5. Into the Abyss (2011)
This film by legendary German filmmaker Werner Herzog is a documentary feature that portrays an often-forgotten reality that still haunts the Western world. The death penalty in the United States is regarded by most countries of this part of the world as one of the great failings of this civilization.
“Into the Abyss” is arguably one of the most underrated documentaries from Herzog’s impressive filmography. It has an unusual poetry that permeates all of the director’s work, mostly due to the parallels it draws regarding the way the criminal justice system works regarding these penalties and the crime itself that was studied for this particular documentary. It is a bold piece of filmmaking, and bold in a way that is completely apolitical in any sense.
Despite Herzog’s personal opinion on the subject being actually said by him at one point in the movie, once again we are presented with what he describes as “true images.” There is something that transcends his mere opinion, and while watching the picture, we are never confronted with any manufactured tricks that tend to turn the viewer to a certain political view.
It remains powerful in itself, and it creates an image of absurdity that is absolutely real and impartial. This differs from other famous documentarians, like Michael Moore, who, despite creating relevant and ultimately great pieces of work, never achieve this level of reality and lyricism throughout the subjects they portray.
It’s an intense and real experience that will haunt you and leave you wondering about the darkest impulse of men, and how those translate in personal expression and institutional expression.
4. Morvern Callar (2002)
“Morvern Callar” is arguably one of the most underrated movies of the 21st century. Lynne Ramsay has created an incredibly ethereal character study. The world surrounding Morvern (presented by Samantha Morton in what is arguably her best role) is blurred after an event that is never really developed as much as its consequences on her psyche: the suicide of her boyfriend.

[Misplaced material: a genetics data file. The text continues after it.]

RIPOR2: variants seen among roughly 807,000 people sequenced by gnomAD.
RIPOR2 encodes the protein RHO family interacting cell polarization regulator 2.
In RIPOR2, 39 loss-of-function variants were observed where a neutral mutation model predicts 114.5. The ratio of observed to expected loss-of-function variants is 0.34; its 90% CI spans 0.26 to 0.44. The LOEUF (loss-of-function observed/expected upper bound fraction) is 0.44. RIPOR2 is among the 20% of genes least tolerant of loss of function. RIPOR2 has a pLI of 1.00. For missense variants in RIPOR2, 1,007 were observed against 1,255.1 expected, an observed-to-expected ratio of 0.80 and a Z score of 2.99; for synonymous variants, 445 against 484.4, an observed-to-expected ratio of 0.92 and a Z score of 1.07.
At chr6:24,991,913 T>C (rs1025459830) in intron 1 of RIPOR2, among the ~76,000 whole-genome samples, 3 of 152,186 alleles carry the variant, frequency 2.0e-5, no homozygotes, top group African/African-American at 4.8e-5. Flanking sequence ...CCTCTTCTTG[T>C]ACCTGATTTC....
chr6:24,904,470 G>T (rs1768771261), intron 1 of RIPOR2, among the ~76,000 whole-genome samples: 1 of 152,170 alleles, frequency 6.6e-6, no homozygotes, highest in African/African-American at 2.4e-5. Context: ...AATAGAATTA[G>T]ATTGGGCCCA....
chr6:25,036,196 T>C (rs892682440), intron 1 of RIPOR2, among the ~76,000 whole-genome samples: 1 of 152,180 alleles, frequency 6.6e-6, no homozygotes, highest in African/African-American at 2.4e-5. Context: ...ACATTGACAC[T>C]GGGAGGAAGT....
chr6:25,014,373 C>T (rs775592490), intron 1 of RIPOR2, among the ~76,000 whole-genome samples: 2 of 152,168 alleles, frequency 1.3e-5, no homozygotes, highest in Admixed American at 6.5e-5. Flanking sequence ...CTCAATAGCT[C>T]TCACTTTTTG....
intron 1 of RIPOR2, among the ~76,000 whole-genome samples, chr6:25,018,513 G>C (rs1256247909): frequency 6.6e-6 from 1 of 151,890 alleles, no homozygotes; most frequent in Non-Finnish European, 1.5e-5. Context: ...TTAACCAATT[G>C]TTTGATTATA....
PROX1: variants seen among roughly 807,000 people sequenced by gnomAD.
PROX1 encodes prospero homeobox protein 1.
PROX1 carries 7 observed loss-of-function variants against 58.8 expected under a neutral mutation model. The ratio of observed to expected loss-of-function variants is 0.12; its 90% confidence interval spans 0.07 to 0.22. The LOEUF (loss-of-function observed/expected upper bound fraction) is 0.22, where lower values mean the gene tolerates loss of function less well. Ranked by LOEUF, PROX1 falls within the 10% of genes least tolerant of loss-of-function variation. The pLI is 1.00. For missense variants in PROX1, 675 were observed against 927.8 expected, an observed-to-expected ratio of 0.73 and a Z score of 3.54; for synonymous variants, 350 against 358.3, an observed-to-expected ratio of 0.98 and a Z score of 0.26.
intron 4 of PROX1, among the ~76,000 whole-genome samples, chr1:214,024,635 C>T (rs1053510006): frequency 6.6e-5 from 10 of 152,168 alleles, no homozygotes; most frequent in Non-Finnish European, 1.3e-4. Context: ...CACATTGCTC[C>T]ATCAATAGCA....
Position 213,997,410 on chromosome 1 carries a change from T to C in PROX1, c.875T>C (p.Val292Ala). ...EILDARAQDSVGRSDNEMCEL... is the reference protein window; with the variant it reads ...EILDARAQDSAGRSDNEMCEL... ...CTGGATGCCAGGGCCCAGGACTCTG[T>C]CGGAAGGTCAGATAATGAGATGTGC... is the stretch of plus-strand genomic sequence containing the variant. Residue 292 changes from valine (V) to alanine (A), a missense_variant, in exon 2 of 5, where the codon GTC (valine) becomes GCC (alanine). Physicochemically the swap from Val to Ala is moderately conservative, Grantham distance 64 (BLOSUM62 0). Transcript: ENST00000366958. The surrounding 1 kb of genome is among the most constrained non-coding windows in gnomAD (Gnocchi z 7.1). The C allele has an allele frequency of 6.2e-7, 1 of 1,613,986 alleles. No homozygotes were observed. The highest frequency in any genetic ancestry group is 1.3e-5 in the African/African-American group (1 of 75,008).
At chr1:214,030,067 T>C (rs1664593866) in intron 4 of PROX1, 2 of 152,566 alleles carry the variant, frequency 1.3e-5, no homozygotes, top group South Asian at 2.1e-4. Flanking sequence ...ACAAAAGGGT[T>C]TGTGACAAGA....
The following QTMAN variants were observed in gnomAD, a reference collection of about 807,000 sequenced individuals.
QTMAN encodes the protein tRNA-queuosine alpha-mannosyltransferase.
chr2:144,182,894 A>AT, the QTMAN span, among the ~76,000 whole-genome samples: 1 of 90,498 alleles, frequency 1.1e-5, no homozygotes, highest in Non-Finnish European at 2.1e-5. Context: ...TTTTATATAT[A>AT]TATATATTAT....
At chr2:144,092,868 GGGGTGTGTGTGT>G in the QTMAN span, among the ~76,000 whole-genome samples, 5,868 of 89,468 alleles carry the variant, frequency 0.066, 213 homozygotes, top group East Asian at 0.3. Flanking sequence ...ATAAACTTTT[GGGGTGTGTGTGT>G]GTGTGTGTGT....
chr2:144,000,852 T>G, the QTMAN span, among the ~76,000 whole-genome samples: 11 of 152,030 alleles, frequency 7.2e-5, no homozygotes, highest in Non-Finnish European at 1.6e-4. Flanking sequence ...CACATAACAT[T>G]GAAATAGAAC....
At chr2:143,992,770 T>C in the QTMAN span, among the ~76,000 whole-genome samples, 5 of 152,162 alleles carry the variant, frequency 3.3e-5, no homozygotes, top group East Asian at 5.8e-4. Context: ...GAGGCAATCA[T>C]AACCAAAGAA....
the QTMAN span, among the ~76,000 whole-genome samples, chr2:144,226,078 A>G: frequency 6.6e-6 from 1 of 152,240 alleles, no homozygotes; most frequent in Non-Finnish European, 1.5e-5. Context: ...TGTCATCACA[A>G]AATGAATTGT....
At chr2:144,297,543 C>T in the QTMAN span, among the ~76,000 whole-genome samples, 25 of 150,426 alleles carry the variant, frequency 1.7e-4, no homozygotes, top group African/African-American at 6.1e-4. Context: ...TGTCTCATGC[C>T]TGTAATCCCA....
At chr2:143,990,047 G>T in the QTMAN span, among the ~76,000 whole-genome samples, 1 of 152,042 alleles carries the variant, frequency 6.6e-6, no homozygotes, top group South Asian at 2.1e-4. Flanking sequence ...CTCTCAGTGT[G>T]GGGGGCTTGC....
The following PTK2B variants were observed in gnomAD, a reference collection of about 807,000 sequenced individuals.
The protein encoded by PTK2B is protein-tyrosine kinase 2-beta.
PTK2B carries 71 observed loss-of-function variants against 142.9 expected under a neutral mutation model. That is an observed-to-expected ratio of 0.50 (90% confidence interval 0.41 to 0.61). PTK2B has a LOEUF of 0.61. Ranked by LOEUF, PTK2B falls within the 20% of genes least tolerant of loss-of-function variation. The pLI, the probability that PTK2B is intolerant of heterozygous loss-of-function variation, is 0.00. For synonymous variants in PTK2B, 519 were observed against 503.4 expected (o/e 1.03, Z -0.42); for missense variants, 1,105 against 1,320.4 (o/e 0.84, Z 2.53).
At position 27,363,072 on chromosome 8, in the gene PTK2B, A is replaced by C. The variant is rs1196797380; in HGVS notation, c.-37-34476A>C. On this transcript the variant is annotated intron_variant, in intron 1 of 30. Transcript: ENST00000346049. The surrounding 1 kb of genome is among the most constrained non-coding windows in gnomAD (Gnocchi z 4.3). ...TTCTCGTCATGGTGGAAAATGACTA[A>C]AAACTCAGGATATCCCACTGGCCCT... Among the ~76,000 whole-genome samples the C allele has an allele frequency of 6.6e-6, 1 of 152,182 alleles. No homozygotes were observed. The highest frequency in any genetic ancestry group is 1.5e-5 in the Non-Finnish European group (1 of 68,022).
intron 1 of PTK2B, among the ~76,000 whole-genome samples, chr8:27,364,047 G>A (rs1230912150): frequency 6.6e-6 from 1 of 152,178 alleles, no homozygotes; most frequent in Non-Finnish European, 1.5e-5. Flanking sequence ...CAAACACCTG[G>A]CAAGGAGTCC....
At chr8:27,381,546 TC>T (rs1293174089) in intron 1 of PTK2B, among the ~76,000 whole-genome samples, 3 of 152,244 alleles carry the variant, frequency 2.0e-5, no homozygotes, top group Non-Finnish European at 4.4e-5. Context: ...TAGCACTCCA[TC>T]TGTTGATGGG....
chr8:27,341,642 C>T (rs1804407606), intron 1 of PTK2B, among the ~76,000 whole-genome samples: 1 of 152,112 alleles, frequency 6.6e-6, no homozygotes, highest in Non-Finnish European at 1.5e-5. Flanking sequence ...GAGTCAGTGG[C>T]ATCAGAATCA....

This is a very socially conscious movie, and the decisions Morvern makes are always very ambiguous, especially regarding her boyfriend’s final wish. She is lost, and by what is presented to the viewer she is searching for something that seems unreachable. Despite deconstructing Morvern’s character, the only place we know she and her friend are going is “somewhere beautiful.”
Ramsay’s picture has a really big range both visually and sonically, while never seeming muddled. We are presented with the streets of Glasgow, with the nightlife and club life of the city. But we are also presented with the scenic imagery of southern Spain. All of this presented with a care to sound design and music that makes company to the visuals experienced. One thing binds all of these contrasting situations in the movie, and that is the confusion of Morvern and the emotional distance she portrays from her own decisions.
It is a poetic movie that relies on its unanswerable questions. This should stand as an obstacle and a frustration while watching the picture, but instead, Ramsay created an incredibly human character that is utterly enthralling to watch.
3. Horse Money (2014)
“Horse Money” is the most recent entry in the already impressive filmography of Portuguese filmmaker Pedro Costa. In contrast with his earlier movies, especially his Fontainhas pictures, we are presented with a piece that, while still dramatizing and treating some of the same subjects haunting Costa’s movies, has a more expressionistic feel in contrast to his known documental style. This is unexpected considering the subject matters at hand, and the director himself, but the picture is more than clear that the plastic decisions that compose the movie have a great contribution to the movie’s impact.
Working again with “actor” Ventura, Costa presents a man who is somewhere in between the ghost world and the real world, a man who is lost in a world he feels he shouldn’t be part of. Composed of Ventura’s thoughts, memories, and anecdotes, the movie has a fluid nonlinearity that backs the idea of ghost/zombie-like figures that are living in the forgotten corners of our cities.